Nigeria is on the path to becoming the first country ever to cultivate Bt cowpea after the country’s biosafety agency granted approval for the crop’s cultivation by farmers. This development adds a new crop to the global biotech basket from Africa. The National Biosafety Management Agency (NBMA) permitted the Institute for Agricultural Research (IAR) to commercially release Pod Borer-Resistant Cowpea (PBR Cowpea)-event AAT709A, genetically improved to resist lepidopteran insect pest Maruca vitrata. The permit is valid until the end of 2022.
In a Decision Document dated 22nd January 2019, the Agency said the issuance of the permit was made after taking into consideration the advice of National Biosafety Committee, National Biosafety Technical sub-committee and the risk assessment and risk management report provided by IAR, the applicant.
“After a thorough analysis of the application dossier, Risk Assessment and Risk Management Plan prepared in connection with assessment of the application, it is unlikely that the proposed release will have adverse impact on the environment and human health,” read part of the document.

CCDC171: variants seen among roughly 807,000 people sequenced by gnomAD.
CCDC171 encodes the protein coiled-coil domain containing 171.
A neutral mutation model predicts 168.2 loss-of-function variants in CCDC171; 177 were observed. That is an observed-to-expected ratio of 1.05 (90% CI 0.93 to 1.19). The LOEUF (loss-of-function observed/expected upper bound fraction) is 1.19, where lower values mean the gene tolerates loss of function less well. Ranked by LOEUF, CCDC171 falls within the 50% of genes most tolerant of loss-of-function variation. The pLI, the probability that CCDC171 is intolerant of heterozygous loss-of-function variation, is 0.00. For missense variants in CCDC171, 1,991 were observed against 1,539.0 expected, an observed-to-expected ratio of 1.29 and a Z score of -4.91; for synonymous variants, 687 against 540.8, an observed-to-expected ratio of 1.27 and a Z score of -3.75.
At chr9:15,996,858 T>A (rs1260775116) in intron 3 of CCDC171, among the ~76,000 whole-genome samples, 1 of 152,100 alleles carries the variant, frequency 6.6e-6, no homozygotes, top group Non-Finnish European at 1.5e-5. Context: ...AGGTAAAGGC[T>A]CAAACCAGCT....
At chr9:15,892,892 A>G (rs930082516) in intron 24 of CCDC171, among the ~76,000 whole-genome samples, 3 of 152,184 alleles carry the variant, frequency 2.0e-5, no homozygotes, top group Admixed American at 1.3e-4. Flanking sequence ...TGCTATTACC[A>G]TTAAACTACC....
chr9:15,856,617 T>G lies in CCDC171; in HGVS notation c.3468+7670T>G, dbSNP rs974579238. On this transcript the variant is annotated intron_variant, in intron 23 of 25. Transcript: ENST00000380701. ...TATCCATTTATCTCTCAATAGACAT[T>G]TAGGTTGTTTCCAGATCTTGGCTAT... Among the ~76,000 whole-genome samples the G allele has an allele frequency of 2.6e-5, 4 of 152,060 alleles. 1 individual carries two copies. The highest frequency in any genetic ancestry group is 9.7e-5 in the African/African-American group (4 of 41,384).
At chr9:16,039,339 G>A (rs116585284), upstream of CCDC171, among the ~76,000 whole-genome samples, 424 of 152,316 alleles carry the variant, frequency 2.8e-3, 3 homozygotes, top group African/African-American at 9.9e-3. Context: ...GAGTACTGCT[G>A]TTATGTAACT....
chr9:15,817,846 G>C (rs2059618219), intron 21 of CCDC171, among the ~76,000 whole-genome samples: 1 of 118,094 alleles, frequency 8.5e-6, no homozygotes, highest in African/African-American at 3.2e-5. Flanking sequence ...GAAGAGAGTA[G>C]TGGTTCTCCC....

The approval is a culmination of more than nine years of intensive trials into genetically modified (GM) cowpea that can resist Maruca vitrata pod borer, an insect that can cause up to 80 per cent yield loss. The release is a relief to millions of Nigerian farmers who depend on cowpea for food and income. Results from the research, led by Nigeria’s Institute for Agricultural Research in partnership with the African Agricultural Technology Foundation (AATF), have shown that Bt cowpea will reduce the use of pesticides from eight to about two sprays per season and increase yield up to 20 per cent. This means Nigeria will record a revenue increase of more than N48 billion ($132 million) annually from cowpea.
For more on the project contact: Prof Mohammad Ishiyaku at firstname.lastname@example.org